What is a pelvic ultrasound?
A pelvic ultrasound allows fertility staff and doctors to assess the structures present within the female pelvis and provide valuable insight into a patient’s ovaries, endometrial lining and uterus. This technology can diagnose potential fertility issues and help physicians prescribe the correct medications and treatments.
The purpose of a pelvic ultrasound
A pelvic ultrasound, also known as a pelvic sonography or pelvic scan, uses a transducer that sends out sound waves to generate an image of a woman’s organs within the pelvis. These images allow for quick visualization of the cervix, ovaries, uterus, vagina, bladder and fallopian tubes.
Pelvic ultrasound can be used to:
- Examine the structure of a patient’s uterus or ovaries
- Search for signs of cancer within the reproductive organs
- Locate an intrauterine device (IUD)
- Look for benign growths like cysts
- Diagnose the cause of abdominal pain
- Evaluate potential fertility problems
- Monitor a baby’s growth during pregnancy
- Diagnose an ectopic pregnancy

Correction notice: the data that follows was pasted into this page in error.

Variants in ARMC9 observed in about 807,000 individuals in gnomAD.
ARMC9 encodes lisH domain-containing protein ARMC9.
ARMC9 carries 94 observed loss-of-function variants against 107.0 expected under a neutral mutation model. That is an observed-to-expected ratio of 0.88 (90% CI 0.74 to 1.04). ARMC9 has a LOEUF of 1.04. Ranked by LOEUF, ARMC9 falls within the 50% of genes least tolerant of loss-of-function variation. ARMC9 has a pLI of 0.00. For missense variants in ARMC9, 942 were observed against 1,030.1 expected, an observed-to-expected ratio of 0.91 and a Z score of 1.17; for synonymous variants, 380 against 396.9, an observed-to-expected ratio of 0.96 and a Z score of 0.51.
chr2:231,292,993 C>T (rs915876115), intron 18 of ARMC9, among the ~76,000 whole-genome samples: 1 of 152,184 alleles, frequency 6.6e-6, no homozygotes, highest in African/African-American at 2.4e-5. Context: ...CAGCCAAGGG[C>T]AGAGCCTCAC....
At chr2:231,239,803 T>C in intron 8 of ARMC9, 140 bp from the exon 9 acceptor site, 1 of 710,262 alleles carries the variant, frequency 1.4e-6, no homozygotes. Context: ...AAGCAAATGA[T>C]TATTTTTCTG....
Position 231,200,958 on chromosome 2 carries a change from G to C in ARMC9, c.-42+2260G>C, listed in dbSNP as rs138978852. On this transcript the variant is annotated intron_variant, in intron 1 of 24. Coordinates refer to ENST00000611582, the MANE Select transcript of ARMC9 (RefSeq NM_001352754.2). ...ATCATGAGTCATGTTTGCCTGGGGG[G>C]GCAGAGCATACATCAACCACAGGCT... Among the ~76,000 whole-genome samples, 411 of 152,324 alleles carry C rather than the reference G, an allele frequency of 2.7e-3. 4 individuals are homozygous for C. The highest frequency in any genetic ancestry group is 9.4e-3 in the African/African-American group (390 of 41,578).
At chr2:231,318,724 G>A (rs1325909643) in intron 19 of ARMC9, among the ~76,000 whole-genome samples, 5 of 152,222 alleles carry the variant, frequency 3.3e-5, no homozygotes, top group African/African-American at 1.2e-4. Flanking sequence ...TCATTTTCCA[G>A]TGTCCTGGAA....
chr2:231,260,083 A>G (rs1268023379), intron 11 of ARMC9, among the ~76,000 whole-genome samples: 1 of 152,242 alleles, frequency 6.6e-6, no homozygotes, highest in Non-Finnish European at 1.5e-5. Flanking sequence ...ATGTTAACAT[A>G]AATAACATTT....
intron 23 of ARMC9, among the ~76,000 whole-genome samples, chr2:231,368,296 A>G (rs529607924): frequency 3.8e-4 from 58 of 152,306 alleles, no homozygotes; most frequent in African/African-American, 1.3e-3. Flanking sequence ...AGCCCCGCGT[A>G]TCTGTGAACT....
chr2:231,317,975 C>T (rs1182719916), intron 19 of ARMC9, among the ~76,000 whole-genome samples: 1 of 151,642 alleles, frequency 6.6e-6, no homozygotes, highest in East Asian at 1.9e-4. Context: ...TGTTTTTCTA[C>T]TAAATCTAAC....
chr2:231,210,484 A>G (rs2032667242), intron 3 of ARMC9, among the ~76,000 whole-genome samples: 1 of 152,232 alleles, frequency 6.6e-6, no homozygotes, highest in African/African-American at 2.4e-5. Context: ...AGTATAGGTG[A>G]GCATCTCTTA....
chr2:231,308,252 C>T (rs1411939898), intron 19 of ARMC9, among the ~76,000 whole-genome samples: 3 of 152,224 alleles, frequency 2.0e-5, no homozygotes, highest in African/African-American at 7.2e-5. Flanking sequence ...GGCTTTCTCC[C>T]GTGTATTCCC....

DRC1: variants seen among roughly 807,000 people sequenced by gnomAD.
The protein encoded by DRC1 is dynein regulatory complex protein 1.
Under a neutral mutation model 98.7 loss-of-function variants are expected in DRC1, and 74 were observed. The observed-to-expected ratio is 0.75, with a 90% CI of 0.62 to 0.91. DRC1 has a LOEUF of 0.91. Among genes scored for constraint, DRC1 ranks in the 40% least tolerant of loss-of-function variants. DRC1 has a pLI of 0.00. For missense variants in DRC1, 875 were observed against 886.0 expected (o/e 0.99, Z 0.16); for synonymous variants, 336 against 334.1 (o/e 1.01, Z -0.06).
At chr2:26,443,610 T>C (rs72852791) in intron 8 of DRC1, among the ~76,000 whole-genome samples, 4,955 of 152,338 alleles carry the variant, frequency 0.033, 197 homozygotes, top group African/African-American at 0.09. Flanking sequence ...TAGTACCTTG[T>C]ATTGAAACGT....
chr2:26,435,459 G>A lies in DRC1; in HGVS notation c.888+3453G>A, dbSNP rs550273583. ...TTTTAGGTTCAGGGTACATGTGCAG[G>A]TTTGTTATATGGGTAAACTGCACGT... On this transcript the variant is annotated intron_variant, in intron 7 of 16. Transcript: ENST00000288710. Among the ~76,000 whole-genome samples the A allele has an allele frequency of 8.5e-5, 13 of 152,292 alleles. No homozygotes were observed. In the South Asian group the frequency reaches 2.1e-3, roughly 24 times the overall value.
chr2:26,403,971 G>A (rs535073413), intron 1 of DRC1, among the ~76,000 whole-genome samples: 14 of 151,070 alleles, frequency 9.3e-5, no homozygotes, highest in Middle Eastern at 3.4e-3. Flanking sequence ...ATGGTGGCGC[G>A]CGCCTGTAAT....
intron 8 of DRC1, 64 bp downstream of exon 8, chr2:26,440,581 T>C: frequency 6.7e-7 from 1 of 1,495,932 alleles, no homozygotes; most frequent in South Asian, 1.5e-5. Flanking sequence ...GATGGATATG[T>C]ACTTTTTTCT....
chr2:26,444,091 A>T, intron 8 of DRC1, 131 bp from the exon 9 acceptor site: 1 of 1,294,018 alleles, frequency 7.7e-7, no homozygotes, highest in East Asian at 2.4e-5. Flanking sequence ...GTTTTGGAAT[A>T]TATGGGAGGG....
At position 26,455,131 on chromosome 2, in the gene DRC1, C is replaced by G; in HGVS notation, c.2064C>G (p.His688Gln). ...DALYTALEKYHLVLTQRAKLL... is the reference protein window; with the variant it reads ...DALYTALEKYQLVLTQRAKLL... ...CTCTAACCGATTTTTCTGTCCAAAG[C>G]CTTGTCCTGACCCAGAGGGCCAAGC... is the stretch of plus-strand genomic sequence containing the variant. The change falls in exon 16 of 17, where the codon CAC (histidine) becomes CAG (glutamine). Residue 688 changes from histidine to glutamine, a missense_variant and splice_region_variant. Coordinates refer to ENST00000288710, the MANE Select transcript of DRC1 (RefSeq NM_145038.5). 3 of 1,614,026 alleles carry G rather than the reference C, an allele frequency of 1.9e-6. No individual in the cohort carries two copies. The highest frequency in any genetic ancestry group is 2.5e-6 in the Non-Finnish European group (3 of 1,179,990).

These scans will provide insight into important information without the need of invasive or radiation-emitting forms of imaging. During fertility treatments, your doctors may also use specialist ultrasounds to monitor:
- Follicle development within the ovaries
- Egg retrievals during IVF
- Embryo transfers in later stages of IVF
The pelvic ultrasound procedure
During a pelvic scan, your doctor will apply a special ultrasound gel before using a transducer to send waves that move through the body and its internal structures and organs. Sound waves bounce off structures within the pelvis (much like an echo) before returning to the imaging device.
Sound waves travel at varying speeds depending on the type of tissue the waves encounter. A computer within the transducer processes the information before converting it into a visual image in real-time. The entire process should take anywhere from 10-30 minutes.
After your pelvic ultrasound
Because this procedure is minimally invasive, patients can often leave right after the procedure and resume usual activities.